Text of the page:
9. “the bar (though present) may not be used, or even if used, wonā€™t be used that long a period of time compared to the time in seat”

    You’d be surprised.

    Also, does anybody take Skytrax seriously? That thing is more rigged than FIFA.

  10. Agree with @Charlie. First class is eh and no one flies it. Moreover these gulf airlines are gaudy and tasteless. Far from first class, it’s revolting class. Somehow these states have marketed their cheap, fake, shiny-metal-obsessed countries into a destination. The only interesting thing to do in the gulf is eat Iranian food. And that’s only because it’s non-trivial to go to iran. Otherwise literally the most boring destinations on earth.

  11. For not posting the UA F Fare. Unlike a certain competitor, who killed it quick.

  12. Can you talk for a moment about award availability? Who has better availability for family travel this summer?

  13. Great summary. The big three middle eastern airlines have a significant advantage over their major Asian and European rivals in terms of average fleet age.

    British Airways 13.1 years
    Lufthansa 11.8 years
    KLM 10.5 years
    Cathay Pacific 8.7 years
    Singapore Airlines 6.9 years

    Emirates 6 years
    Etihad 5.5 years
    Qatar 5.4 years

  14. interesting opinion on skytrax, wwk5d. i, for one, think their reviews skew to the negative unfairly for most airlines. it’s a bit like the yelp of air travel.

  15. @wwk5d – I know some people do use the bar, but let’s say there were like 10-15 ‘regulars’… the other 60 odd passengers in J are obviously in their seat.

    I also find negative reviews are often more useful than positive reviews. True, there are some uselessly negative ones that are just “horrible service, they didn’t recognise me as a platinum member, DYKWIA, NEVER FLYING WITH THEM AGAIN”; but most of the useful negative ones actually do have tips on what to avoid, and how to make the best of the situation. Far more useful than a review just singing of praises. Much better to fly with an airline with no negative reviews and only a few positive ones than an airline with tons of positive ones but equally tons of negative ones. There must have been a reason people started complaining.

  16. @ John — Great question. Well Etihad generally has better space, though their link with American is down at the moment, and there’s no ETA on it being fixed. But generally they do have better availability.

  17. i find most negative reviews amongst online ratings-aggregate sites like tripadvisor, yelp, skytrax et al tend to clearly delineate between the regulars and the inexperienced. complaints will often be trivial: “worn carpeting under the desk area!”, Y pax complaining about not enough water refills (just hit the galley, ok!?) etc.

    but in a weird way i feel for the airlines when it comes to skytrax because i think civilians like myself have a hard time realizing how hard it is to serve people in the sky. you face a customer base that is inherently stressed, pressed for time, finicky, in an unfamiliar environment. it truly is an uphill battle.

  18. I’ve flown both in F quite a bit. For me, the IFE isn’t close to equal – it’s EK by a very comfortable margin. It could be that’s just what I like to watch and listen to, but I do believe there is a vastly superior selection (quantity) overall with ICE Digital Widescreen.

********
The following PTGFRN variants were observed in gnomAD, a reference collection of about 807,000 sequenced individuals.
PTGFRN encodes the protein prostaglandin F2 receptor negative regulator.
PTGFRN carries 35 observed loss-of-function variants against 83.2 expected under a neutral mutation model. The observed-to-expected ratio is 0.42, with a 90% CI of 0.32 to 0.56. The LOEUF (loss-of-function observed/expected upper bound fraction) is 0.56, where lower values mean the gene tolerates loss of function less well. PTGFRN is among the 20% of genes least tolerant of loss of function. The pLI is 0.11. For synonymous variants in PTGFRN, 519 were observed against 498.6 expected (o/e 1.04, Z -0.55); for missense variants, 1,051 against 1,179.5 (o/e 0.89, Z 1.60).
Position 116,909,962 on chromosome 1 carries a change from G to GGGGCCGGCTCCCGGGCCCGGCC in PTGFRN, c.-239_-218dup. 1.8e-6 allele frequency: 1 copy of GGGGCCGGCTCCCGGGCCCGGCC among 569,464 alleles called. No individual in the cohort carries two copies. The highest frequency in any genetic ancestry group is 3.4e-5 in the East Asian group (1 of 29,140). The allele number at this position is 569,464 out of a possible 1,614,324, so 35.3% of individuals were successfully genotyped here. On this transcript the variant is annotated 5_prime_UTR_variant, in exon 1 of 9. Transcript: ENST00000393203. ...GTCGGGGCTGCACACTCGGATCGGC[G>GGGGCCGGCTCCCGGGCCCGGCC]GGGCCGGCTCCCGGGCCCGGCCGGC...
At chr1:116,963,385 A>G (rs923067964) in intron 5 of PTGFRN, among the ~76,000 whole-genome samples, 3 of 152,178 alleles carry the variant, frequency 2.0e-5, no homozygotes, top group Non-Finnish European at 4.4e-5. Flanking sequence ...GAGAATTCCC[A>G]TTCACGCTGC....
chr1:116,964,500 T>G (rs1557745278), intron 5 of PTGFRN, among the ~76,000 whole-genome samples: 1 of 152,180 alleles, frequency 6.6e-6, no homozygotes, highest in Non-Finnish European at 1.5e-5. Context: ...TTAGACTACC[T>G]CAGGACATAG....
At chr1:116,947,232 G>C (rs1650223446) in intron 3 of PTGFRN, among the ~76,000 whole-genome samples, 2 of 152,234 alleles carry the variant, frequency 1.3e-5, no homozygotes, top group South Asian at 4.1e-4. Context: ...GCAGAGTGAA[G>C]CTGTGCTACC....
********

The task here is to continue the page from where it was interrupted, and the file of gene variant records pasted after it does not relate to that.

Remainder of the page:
I find EY generally to be slightly more consistent in terms of service onboard. There are some really good onboard chefs as well.

    On award tickets, I prefer EK to EY (on A380 it’s hands-down EK as I love the onboard lounge and shower).

    For revenue tickets though, I go EY mainly due to being an AAdvantage addict.

  19. “Moreover these gulf airlines are gaudy and tasteless”

    Well, as from the pictures Lucky has posted here and others have posted elsewhere, I think that can only be applied to Emirates. As we can see above, Etihad had a refined classy cabin, and Qatar isn’t that over the top either (you either like the purple/burgundy or you don’t). Oman’s new cabins also look classy without being over the top. Saudia’s cabins are blander than bland. Gulf Air I haven’t seen, so can’t comment. Kuwait Airways is ancient but was never gaudy or over the top. So I guess this is just typical knee-jerk bigotry regarding GCC airlines?

    “The only interesting thing to do in the gulf is eat Iranian food.”

    Spoken like someone who hasn’t really explored any of these countries. They aren’t the most exciting places in the world, sure, but they’re not that boring or lacking in things to do. Only lazy ignorant people make comments like that.

    “I know some people do use the bar, but letā€™s say there were like 10-15 ā€˜regularsā€™ā€¦ the other 60 odd passengers in J are obviously in their seat.”

    And you are basing this on what, exactly? The bar gets some people who set up shop there for the duration of the flight, others come for a quick drink or snack, others go there just to stretch their legs. Most reports find the bar to be a positive addition to the plane, whether an area to socialize or, as I said, grab a snack/drink or just chill.

  20. Great comparison! I agree overall Etihad has a classier and sleeker look on the first class product. Emirates one is too fancy and ends up looking cheaper than what it really is. Price wise I think Etihad (on All classes vs Emirates fares) makes it more worth the value too.

  21. @ Charlie – for what it’s worth, this is strictly a comparison of F per the title of the post. Usually, posts like this one are prompted by questions from readers (via comments or email). Although, generally, you are correct šŸ™‚